Tuesday, August 22, 2006

The Non-Response Response

So the calendar reads August 22, 2006, which was the long-anticipated day of reckoning for Iran with respect to its nuclear ambitions. Or, not.

The Iranians offered their response to the package of incentives offered by the West today, saying little and remaining ambiguous by design.

You can read all the, uh, riveting ambiguity here.

While Iran's negotiator indicated that they were prepared for serious talks as early as tomorrow, the Iranians have also intimated that they will not, repeat, not, give up their nuclear development program(s). This leaves us exactly where we were a week ago, two months ago, six months ago (you get the idea). Nothing has changed except the Iranians have altered the game.

We're now faced with a foot-dragging international community that will earnestly desire to debate the possible next steps with Iran (meanwhile, under 50 feet of concrete in the Iranian wasteland, scientists are not, repeat, not, taking the day off, and will continue to work on enriching uranium). In Iran's game of brinkmanship, they are hoping to delay, divide, and develop.

We're now in the delay phase, during which western powers and our friends Russia and China will wring our hands somberly over how to proceed with Iran. We will hear numerous accounts of how sincere the Iranians are.

The divide phase follows shortly after the delay phase. This is where Iran and her sympathizers will attempt to - and probably succeed - divide the UN Security Council, well-known for its collegial atmosphere and ability to "get things done." And of course, the endgame is de facto development.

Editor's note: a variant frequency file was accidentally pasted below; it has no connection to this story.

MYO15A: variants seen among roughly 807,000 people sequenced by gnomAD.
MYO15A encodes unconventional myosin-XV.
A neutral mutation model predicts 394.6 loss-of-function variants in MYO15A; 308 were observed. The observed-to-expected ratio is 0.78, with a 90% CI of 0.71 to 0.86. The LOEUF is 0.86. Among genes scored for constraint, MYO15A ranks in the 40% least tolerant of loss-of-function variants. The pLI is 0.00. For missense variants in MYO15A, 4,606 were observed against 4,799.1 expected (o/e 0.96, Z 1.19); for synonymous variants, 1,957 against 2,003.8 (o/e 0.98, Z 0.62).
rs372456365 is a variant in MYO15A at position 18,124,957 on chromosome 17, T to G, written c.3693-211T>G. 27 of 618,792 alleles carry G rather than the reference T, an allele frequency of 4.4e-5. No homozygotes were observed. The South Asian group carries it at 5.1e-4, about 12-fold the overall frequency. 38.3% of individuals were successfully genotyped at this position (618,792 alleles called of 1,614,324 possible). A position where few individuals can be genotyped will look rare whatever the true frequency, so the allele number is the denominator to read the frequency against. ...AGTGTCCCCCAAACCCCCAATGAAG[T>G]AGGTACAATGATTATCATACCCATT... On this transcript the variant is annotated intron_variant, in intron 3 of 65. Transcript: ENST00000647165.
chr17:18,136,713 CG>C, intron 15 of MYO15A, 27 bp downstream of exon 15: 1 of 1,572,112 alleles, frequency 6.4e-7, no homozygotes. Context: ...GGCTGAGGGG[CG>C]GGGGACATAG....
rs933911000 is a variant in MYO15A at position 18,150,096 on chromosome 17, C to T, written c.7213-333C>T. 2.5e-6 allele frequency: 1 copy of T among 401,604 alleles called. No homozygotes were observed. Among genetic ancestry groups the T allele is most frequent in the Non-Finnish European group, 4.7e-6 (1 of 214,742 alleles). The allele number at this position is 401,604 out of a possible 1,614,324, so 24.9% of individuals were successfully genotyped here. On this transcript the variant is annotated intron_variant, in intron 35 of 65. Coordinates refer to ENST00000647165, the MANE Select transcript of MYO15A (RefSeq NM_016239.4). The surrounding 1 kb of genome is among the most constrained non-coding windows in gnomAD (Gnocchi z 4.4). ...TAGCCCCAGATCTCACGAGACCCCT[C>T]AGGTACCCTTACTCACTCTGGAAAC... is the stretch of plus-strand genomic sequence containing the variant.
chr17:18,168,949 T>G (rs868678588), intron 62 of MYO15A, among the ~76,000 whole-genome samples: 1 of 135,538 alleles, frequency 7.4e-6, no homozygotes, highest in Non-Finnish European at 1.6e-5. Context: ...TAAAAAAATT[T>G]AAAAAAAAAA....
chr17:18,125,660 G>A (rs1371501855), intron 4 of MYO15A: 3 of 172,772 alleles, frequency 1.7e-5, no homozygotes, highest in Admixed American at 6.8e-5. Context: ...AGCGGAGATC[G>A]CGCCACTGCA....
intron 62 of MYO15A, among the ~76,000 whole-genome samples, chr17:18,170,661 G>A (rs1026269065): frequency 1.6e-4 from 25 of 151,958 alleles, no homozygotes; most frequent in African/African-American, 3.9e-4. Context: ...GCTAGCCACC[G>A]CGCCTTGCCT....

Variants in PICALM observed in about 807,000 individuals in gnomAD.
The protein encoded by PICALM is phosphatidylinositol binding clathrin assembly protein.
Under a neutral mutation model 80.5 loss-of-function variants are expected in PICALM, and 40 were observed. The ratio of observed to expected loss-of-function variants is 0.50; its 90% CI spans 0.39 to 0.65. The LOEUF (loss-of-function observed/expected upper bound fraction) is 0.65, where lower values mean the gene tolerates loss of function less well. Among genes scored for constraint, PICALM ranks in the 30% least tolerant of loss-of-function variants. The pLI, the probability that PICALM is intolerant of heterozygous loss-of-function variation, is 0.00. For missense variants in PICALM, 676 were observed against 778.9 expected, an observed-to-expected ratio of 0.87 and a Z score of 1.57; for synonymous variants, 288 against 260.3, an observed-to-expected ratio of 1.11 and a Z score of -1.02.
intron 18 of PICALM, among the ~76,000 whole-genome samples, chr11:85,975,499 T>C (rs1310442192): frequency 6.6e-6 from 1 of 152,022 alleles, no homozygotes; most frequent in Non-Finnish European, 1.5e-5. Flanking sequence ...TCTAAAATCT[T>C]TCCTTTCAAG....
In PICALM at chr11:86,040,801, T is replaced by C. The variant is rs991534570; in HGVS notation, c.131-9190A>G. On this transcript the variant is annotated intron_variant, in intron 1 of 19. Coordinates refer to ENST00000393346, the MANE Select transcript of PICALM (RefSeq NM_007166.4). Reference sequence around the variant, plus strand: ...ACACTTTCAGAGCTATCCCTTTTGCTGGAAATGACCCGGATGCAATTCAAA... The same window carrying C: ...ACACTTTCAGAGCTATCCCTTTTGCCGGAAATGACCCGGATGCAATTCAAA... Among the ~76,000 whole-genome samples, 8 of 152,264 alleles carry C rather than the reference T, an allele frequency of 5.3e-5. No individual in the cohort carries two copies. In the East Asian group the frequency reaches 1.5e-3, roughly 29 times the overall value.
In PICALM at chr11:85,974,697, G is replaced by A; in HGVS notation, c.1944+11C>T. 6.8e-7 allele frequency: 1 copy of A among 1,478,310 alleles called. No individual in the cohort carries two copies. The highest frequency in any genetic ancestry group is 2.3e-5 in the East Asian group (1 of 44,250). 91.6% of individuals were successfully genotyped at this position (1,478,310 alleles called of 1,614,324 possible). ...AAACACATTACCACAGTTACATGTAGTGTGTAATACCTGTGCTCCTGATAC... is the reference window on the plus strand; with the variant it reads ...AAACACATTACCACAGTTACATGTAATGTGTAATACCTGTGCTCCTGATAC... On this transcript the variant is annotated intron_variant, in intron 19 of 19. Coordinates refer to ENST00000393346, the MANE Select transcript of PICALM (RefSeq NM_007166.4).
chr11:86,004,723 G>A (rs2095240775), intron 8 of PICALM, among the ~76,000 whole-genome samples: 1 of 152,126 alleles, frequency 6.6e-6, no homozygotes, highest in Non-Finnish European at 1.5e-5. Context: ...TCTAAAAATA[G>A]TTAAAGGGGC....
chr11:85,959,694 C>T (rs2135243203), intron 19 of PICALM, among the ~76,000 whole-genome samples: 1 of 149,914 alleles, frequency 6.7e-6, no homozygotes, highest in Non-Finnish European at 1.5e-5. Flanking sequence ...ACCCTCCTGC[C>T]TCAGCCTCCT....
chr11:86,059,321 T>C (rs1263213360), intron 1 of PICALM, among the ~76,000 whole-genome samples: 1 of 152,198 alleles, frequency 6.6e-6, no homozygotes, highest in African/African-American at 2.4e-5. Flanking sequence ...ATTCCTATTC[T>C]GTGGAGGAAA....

When Iran can say "we have the bomb" a large percentage of the international community and even some well-meaning Americans will insist that Iran must thereafter be treated differently - after all, they have the bomb.

What these useful idiots don't understand is that Iran will use the bomb, or, sell it to someone who will. This won't be a rematch of the chess game that was the Cold War, despite this being the fantasy of every liberal America-hater (who are dying to shout: Finally! The Empire gets its comeuppance! Now we'll see how the Cowboy handles this one.). Instead, we will be dealing with an adversary that plays by a different set of rules, contrary to everything we think we know about human nature. This enemy desires mass murder, and, as a bonus, martyrdom; the threat of being killed in a retaliatory strike brings them no fear, or possibly, happiness.

We're entering a period of time in which inaction endangers our way of life. The difference between this standoff and the Cold War is that conservatives won't have the pleasure of telling liberals "we told you so."

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